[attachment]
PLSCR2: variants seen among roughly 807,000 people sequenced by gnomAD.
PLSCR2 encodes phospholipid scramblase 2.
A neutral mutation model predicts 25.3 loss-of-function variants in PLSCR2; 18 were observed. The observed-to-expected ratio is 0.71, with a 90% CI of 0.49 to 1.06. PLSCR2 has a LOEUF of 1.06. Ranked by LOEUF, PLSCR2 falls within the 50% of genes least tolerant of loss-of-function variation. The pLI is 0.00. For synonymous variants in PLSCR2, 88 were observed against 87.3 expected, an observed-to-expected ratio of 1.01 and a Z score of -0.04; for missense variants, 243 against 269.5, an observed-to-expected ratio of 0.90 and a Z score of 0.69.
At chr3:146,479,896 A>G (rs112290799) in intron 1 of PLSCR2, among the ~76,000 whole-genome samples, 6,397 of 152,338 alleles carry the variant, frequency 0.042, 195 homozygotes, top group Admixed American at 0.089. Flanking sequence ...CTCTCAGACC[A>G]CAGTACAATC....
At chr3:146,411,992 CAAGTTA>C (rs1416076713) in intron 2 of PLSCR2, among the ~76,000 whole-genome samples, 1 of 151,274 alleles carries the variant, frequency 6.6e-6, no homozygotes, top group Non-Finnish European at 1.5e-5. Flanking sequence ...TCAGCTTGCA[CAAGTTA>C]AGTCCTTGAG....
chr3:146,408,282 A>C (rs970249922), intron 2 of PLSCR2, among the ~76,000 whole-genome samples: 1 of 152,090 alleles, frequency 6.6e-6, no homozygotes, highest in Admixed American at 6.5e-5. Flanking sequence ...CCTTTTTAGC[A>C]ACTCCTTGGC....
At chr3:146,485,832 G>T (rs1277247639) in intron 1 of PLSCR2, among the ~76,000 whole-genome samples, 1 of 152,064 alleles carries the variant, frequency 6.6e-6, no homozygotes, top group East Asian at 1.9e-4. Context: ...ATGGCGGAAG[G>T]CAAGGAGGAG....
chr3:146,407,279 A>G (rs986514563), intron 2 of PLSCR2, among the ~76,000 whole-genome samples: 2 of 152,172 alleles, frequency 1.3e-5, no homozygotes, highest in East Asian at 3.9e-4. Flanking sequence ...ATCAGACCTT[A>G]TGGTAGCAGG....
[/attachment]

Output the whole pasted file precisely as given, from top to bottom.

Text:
PLSCR2: variants seen among roughly 807,000 people sequenced by gnomAD.
PLSCR2 encodes phospholipid scramblase 2.
A neutral mutation model predicts 25.3 loss-of-function variants in PLSCR2; 18 were observed. The observed-to-expected ratio is 0.71, with a 90% CI of 0.49 to 1.06. PLSCR2 has a LOEUF of 1.06. Ranked by LOEUF, PLSCR2 falls within the 50% of genes least tolerant of loss-of-function variation. The pLI is 0.00. For synonymous variants in PLSCR2, 88 were observed against 87.3 expected, an observed-to-expected ratio of 1.01 and a Z score of -0.04; for missense variants, 243 against 269.5, an observed-to-expected ratio of 0.90 and a Z score of 0.69.
At chr3:146,479,896 A>G (rs112290799) in intron 1 of PLSCR2, among the ~76,000 whole-genome samples, 6,397 of 152,338 alleles carry the variant, frequency 0.042, 195 homozygotes, top group Admixed American at 0.089. Flanking sequence ...CTCTCAGACC[A>G]CAGTACAATC....
At chr3:146,411,992 CAAGTTA>C (rs1416076713) in intron 2 of PLSCR2, among the ~76,000 whole-genome samples, 1 of 151,274 alleles carries the variant, frequency 6.6e-6, no homozygotes, top group Non-Finnish European at 1.5e-5. Flanking sequence ...TCAGCTTGCA[CAAGTTA>C]AGTCCTTGAG....
chr3:146,408,282 A>C (rs970249922), intron 2 of PLSCR2, among the ~76,000 whole-genome samples: 1 of 152,090 alleles, frequency 6.6e-6, no homozygotes, highest in Admixed American at 6.5e-5. Flanking sequence ...CCTTTTTAGC[A>C]ACTCCTTGGC....
At chr3:146,485,832 G>T (rs1277247639) in intron 1 of PLSCR2, among the ~76,000 whole-genome samples, 1 of 152,064 alleles carries the variant, frequency 6.6e-6, no homozygotes, top group East Asian at 1.9e-4. Context: ...ATGGCGGAAG[G>T]CAAGGAGGAG....
chr3:146,407,279 A>G (rs986514563), intron 2 of PLSCR2, among the ~76,000 whole-genome samples: 2 of 152,172 alleles, frequency 1.3e-5, no homozygotes, highest in East Asian at 3.9e-4. Flanking sequence ...ATCAGACCTT[A>G]TGGTAGCAGG....